This was the lightly competed En Vogue’s first ever international freestyle and the routine was jam-packed with content, earning a score of 81.82% (81.818%) to take the provisional lead.
The pair entered in passage and pulled off a hugely technical first centre line, featuring a piaffe pirouette, transition up to canter and a canter pirouette all before reaching C.
The 12-year-old gelding (Jazz x Contago), who is owned by Carl, Charlotte Dujardin, Sandra Biddlecombe and Anne Evans, looks to have grown in confidence across the week, with his scores climbing with each performance in Tokyo’s Equestrian Park at Baji Koen.
“I have never done a music [freestyle] on him and we all know he is very sound sensitive, so he did a good job because the music when it comes on in there is incredibly loud,” said Carl, adding En Vogue is going to be a “brilliant horse for the future”.
“The fact that he got better as I went along was good. All you want for a horse to remember at the end of the show is, ‘I had a good experience’. I just thought after yesterday’s ride, ‘please don’t let it go wrong’. But it didn’t. He tried hard, I rode him a lot slower tonight because I thought, ‘calm it all down make sure he finishes [and] relaxes’, and he walked out of the ring fine, so that’s good.
“I’m not trying to win [an individual medal]. I’m trying to build on him, so that in a couple of years time… I think he’s a top horse, so that’s what I’m waiting for.”
The Tom Hunt original soundtrack featured a strong beat, which beautifully complemented En Vogue’s way of going, and the choreography used every ounce of space and time in the arena to showcase the horse’s strengths.
The one- and two-time changes on a curving line were tricky moves, with a mistake in the first set of one-time changes.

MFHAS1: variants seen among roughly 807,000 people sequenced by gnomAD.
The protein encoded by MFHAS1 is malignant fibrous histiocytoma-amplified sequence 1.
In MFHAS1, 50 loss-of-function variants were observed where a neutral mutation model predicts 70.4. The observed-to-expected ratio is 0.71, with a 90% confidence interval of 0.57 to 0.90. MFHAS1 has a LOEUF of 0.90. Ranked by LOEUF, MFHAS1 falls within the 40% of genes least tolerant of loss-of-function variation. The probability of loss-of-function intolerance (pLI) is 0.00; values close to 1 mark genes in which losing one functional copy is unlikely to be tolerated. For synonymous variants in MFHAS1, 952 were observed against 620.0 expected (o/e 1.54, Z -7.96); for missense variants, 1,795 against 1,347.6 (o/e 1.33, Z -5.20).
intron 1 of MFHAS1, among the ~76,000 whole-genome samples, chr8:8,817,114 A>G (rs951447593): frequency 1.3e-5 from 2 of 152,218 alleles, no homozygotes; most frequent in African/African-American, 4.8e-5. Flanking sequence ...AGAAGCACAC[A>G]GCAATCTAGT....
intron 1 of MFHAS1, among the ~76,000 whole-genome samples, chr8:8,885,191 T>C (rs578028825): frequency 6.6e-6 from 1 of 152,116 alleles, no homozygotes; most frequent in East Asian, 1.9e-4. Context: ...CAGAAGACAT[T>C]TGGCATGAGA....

This horse’s canter pirouettes are a real highlight, with judges and viewers treated to more flawless executions of these tonight.
There was a real symmetry to the music, which built throughout, before coming full circle and ending with the same melody to which the pair started. This too was matched with the difficulty of the movements Carl started and ended with, with the pair finishing with a bang in the form of a highly technical passage half-pass zig-zag into a halt.
Carl added he “absolutely loved” the soundtrack.
“Remember I got this five days ago. I made my programme a long time ago, but I got the music five days ago as he’s had a lot to do, Tom, because of course everybody uses him now,” he said.
“So I haven’t had a chance to ride through the programme – I didn’t want to ride through the programme because I thought yesterday [team medal final] was the important day. I wanted to keep him calm for the team, and then to have a go in the individual and see what happens.”
The team bronze-winning combination were rewarded with a technical mark of 77.75%, artistic mark of 85.88% (88.886%), giving them their overall total of 81.812%.
US rider Steffen Peters and Suppenkasper took provisional second place in the first group of riders with a score of 80.97% (80.968%) and Denmark’s Nanna Merrald third on 80.89 (80.893%).
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